Pre-Elafin as a biomarker in ARDS

By using a microarray-based global gene profiling of whole blood total RNA, 126 genes was identified with altered expression between the acute stage and recovery stage in subjects with ARDS. Based on Gene Ontology annotations, the ARDS-related gene expression changes were clustered in gene ontology consortium [GO] biological processes related to response to stimulus (GO: 50896) and death (GO: 16265). Significant subordinate GO terms of death (GO: 16265) included cell death (GO: 8219), programmed cell death (GO: 12501), apoptosis (GO: 6915), regulation of programmed cell death (GO: 43067) and regulation of apoptosis (GO: 42981). This clustering of differentially expressed genes related to the regulation of apoptosis is supporting the observations of reduced apoptosis in alveolar neutrophils isolated from patients with ARDS. Anyhow, among the 126 identified genes, it was found that gene PI3 had the largest differential expression in peripheral blood of patients with ARDS. Expression of PI3 gene was suppressed at the early, acute stage of ARDS compared with significantly higher levels during the recovery stage of ARDS. PI3 gene encodes protein peptidase inhibitor 3 with two isoforms, including a 95–amino acid molecule named pre-Elafin (also known as trappin-2) and a 58–amino acid molecule called Elafin, which was produced by proteolytic cleavage of pre-Elafin. It was found that the PI3 protein expression is induced by inflammation-initiating cytokines and localized to the site of inflammatory response, including airways, skin, and other mucosal surfaces. However, it was found that the expression of PI3 gene in peripheral blood was differentially expressed between the acute stage and the recovery stage of ARDS.

Each ARDS case provides on one plasma sample. Based the date of sample collection relative to the ARDS diagnosis date, including pre-diagnosis group (Day 25 to Day 21), day of diagnosis group (Day 0), and post-diagnosis group (Day 1 to Day 3). Sample 1 of control was collected during the first 2 days of ICU admission. There was no statistically significant difference in baseline characteristics between patients with ARDS and control subjects, except that patients with ARDS more frequently received transfusion (P = 0.009). Significant results of t test: ARDS pre-diagnosis versus post-diagnosis, P = 0.0009 [10].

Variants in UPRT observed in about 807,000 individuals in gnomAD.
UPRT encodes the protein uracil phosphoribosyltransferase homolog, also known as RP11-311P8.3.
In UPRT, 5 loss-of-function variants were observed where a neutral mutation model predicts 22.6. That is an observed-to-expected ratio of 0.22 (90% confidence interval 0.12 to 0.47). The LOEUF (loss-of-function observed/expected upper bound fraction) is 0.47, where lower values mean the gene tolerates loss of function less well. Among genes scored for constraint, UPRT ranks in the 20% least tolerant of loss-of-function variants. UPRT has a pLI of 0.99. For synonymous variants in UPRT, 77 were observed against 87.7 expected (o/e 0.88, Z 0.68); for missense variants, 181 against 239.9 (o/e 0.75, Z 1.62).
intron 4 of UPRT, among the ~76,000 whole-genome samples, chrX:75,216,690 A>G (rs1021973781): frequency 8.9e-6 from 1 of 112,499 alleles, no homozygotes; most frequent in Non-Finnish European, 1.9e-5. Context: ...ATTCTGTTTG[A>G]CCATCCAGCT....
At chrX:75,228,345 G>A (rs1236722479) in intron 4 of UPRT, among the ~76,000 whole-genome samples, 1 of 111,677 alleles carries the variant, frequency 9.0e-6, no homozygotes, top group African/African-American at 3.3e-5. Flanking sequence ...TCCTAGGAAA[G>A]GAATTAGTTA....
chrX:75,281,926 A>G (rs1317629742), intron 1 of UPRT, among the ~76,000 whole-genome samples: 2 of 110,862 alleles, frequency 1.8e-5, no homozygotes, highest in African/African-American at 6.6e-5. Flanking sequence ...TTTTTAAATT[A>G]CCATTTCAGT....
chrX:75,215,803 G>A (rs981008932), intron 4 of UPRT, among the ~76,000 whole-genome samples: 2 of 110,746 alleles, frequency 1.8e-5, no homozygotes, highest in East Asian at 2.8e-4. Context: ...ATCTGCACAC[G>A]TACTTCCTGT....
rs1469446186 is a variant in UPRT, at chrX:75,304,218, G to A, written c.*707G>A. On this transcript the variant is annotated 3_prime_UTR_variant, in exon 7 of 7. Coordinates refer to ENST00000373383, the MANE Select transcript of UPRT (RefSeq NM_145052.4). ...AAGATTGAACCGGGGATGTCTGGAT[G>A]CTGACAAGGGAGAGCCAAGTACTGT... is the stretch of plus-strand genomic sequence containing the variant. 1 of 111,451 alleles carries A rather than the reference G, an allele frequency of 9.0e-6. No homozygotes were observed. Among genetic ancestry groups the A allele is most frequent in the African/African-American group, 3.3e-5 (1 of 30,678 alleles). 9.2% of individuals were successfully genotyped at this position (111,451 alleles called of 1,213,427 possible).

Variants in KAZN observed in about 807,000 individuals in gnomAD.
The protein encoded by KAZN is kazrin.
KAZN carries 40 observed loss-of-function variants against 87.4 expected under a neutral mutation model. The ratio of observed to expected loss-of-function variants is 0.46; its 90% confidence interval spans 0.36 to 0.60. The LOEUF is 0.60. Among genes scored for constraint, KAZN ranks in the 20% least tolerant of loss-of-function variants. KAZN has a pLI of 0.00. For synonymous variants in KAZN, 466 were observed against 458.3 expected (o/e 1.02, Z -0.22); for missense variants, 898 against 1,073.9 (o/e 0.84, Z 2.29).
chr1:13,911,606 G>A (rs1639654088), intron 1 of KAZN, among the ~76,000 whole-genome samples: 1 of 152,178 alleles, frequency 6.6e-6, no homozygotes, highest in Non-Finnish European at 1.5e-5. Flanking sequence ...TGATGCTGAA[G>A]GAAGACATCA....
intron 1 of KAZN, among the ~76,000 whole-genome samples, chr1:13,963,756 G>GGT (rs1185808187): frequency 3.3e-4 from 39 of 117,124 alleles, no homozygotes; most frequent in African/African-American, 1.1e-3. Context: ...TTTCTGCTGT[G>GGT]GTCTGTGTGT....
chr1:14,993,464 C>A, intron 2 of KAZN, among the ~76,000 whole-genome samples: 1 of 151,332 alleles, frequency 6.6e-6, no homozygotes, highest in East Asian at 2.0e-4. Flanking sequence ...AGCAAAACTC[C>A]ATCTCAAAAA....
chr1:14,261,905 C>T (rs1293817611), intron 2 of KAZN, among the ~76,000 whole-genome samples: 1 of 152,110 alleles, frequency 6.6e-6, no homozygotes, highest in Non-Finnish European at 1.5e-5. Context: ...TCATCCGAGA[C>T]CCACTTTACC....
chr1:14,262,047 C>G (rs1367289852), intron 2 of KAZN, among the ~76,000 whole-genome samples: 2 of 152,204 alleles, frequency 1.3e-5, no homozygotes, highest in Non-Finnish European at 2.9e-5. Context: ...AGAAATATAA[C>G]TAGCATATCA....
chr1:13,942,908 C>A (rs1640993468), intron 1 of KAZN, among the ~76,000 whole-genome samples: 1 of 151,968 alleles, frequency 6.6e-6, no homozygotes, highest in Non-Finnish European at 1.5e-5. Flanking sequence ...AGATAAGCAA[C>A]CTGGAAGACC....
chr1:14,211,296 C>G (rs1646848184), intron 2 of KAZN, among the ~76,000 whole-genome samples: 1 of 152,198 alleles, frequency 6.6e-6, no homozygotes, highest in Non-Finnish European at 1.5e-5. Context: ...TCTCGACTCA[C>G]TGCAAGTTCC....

Importantly, the microarray findings of lower PI3 gene expression during the acute stage of ARDS was well correlated with the results of the ELISA assay measurements of plasma PI3 levels, which found PI3 was expressed at the lowest level in plasma during the acute stage, compared with plasma PI3 levels pre-diagnosis and the day of ARDS diagnosis. Moreover, the time course of plasma PI3 decrease was also well correlated with the course of early ARDS development, as the plasma sampling date relative to ARDS diagnosis not only shows a moderate negative correlation with plasma PI3 level, but also has the largest contribution in explaining the plasma PI3 variance in the multivariable linear regression model. Furthermore, there seems to be a pre-onset increase of the plasma PI3 level in the prediagnosis ARDS group of patients (mean 193.2 pg/ml, 95% C: 124.4–262.2 pg/ml; P 5 0.01), as compared with at-risk controls within the first 24-hours ICU admission (mean 97.6 pg/ml, 95% C: 70.1–125.2 pg/ml), even though it was not reached significantly level under multiple comparison adjustment (Figure 5). In contrast, there was a significant but moderate increase of plasma PI3 levels during a 3-days period after ICU admission in at-risk control subjects. Taken together, these observations suggest that PI3 levels in plasma could be used as a biomarker for monitoring the development and progress of ARDS. Nevertheless, neutrophils play a crucial role in the initiation and propagation of ARDS. Considerable evidence exists for the role of neutrophil-derived proteinases in the pathogenesis of ARDS, including neutrophil elastase and collagenase. A local imbalance between proteinases and their physiological inhibitors results in pulmonary parenchyma damage by leakage of a protein-rich fluid into the interstitium and alveolar spaces. Major pulmonary proteinase inhibitors include a1-proteinase inhibitor (a1-PI), secretory leukocyte proteinase inhibitor (SLPI), and elafin (PI3). Unlike high-molecular-weight a1-PI, which is mainly produced by the liver and reaches the lung via passive diffusion, SLPI and PI3 are low-molecular-weight inhibitors and are produced locally at neutrophil infiltration site in the lung. PI3 and SLPI are important anti-proteinases in the lung in both health and disease and also demonstrate multiple biological functions, such as antibacterial activity anti inflammatory activity, priming of innate immunity, tissue remodelling and cellular differentiation, and augmentation of antiviral adaptive immunity [10].